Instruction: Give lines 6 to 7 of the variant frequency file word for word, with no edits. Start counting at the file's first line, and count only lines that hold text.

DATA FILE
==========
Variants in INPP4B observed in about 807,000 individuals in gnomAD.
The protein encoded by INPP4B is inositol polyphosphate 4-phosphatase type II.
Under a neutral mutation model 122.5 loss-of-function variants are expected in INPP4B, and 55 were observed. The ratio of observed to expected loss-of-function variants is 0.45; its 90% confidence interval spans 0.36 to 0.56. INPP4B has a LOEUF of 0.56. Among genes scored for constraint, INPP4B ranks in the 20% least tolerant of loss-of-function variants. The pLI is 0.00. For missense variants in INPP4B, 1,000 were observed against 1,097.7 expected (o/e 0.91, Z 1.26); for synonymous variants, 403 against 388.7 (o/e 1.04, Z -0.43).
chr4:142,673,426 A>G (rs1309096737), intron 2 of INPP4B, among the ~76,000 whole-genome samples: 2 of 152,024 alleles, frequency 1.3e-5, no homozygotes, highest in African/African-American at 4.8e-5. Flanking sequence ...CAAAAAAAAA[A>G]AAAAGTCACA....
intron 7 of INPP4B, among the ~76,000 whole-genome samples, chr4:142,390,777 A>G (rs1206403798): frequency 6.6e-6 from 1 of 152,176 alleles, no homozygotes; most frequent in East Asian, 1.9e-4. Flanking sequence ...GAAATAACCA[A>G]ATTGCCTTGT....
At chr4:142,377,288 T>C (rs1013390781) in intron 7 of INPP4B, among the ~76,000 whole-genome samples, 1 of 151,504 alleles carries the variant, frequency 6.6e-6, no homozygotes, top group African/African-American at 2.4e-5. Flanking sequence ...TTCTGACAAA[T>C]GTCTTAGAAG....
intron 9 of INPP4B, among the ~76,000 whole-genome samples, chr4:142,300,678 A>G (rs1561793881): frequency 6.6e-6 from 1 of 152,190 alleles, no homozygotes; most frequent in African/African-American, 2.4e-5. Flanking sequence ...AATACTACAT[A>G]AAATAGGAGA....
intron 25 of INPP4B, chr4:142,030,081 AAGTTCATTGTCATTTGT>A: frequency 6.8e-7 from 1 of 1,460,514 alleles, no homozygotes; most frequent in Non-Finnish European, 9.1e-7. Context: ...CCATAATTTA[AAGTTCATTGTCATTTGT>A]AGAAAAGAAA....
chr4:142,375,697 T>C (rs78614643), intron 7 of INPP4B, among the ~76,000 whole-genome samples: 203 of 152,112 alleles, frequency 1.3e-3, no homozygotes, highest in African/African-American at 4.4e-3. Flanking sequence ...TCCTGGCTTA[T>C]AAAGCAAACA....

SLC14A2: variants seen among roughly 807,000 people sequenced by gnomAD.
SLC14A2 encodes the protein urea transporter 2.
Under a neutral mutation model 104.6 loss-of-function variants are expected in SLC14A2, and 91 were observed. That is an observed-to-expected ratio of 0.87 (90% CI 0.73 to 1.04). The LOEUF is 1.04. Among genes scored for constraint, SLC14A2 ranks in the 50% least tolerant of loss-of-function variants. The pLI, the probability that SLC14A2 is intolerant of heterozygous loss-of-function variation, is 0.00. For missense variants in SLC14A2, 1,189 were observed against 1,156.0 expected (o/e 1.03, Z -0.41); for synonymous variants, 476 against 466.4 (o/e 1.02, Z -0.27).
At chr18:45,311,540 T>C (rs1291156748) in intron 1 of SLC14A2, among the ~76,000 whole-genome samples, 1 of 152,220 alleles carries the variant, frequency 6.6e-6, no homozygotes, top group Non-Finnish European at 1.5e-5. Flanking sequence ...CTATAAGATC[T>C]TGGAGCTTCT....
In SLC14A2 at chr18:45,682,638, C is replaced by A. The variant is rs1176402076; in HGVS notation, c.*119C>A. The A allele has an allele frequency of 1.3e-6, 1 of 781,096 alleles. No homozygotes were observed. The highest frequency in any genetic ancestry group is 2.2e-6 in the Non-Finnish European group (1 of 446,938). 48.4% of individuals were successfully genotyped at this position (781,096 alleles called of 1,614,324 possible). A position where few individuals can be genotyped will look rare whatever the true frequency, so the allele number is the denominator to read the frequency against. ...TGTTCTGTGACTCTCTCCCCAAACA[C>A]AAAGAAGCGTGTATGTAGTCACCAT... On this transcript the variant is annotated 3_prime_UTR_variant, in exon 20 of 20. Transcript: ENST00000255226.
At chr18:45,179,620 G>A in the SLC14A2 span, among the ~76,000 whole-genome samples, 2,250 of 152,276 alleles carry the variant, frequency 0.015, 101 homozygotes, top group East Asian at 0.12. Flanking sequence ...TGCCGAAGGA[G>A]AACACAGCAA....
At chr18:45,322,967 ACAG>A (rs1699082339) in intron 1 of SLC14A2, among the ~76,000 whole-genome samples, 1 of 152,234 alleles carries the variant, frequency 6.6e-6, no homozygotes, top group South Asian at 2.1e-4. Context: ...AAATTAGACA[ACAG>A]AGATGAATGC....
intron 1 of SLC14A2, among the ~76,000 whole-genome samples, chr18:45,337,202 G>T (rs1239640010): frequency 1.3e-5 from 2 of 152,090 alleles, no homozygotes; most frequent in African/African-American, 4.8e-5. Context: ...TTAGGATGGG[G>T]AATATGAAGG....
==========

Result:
At chr4:142,377,288 T>C (rs1013390781) in intron 7 of INPP4B, among the ~76,000 whole-genome samples, 1 of 151,504 alleles carries the variant, frequency 6.6e-6, no homozygotes, top group African/African-American at 2.4e-5. Flanking sequence ...TTCTGACAAA[T>C]GTCTTAGAAG....
intron 9 of INPP4B, among the ~76,000 whole-genome samples, chr4:142,300,678 A>G (rs1561793881): frequency 6.6e-6 from 1 of 152,190 alleles, no homozygotes; most frequent in African/African-American, 2.4e-5. Flanking sequence ...AATACTACAT[A>G]AAATAGGAGA....